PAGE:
How do changes REST API feed options work?


I am trying to write an NodeJS agent for Sync Gateway that listens for changes, but I don’t understand how to use the feed options: normal, continuous, longpoll, websocket.

I get how I could use a timer and the normal option and do a polling, but don’t see how the other options work. Does anyone have a good example or even just a more complete description of how continuous, longpoll, or websocket works?


hey @sweetiewill can you help out here please


Hey @chrismbeckett,

The timer with normal option works and can look into examples on the topic but regarding a more complete description of the feed options:

normal: Immediately the ‘_changes’ endpoint will return with the results
longpoll: Server will have the client HTTP request stay open for a duration and have new results returned to the client.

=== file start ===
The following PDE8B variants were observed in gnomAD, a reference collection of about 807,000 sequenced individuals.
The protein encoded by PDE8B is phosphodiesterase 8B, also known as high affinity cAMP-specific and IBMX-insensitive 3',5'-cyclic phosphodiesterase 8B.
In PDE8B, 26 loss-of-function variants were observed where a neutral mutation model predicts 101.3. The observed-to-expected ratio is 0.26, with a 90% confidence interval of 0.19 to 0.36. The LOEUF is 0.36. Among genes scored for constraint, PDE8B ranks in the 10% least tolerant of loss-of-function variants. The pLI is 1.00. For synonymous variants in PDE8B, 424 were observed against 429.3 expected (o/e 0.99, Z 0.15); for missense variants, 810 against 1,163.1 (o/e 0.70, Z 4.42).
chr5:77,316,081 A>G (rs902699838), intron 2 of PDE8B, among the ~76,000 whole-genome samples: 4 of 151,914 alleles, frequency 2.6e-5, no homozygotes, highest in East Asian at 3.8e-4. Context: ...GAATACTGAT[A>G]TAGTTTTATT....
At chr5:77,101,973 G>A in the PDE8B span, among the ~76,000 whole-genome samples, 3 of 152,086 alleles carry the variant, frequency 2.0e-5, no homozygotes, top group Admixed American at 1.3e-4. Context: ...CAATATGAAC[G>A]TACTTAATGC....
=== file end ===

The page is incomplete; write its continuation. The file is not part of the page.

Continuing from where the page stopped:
continuous: This is similar to the ‘longpoll’ feed option but in that the socket is remained opened and never closed.

Curious what are you using the NodeJS agent for other than listening for changes.


I am implementing dynamic permissions into my application. I have a group document that needs to become an actual sync gateway role. I added a provisioning property to my group document, and I need a server side agent to watch for group documents, and then create the role on the admin REST API when a new group document is created.

I found this explanation of longpoll and continuous this morning ( It basically says don’t use longpoll, but I was thinking that for a server-side agent continuous or websocket might be the best choice, but am concerned about issues with the connection closing etc.

Is normal with a timer and polling just the best practical/recommended option? Seems the most straight-forward and least likely to break in production.


It sounds like a good use case for using a webhook (released in Sync Gateway 1.1).
You can find examples of how to use webhooks in this blog post and roles in this guide.



Hey @jamiltz, thanks for this suggestion and the links. Web hooks look great and seem a much better solution than polling.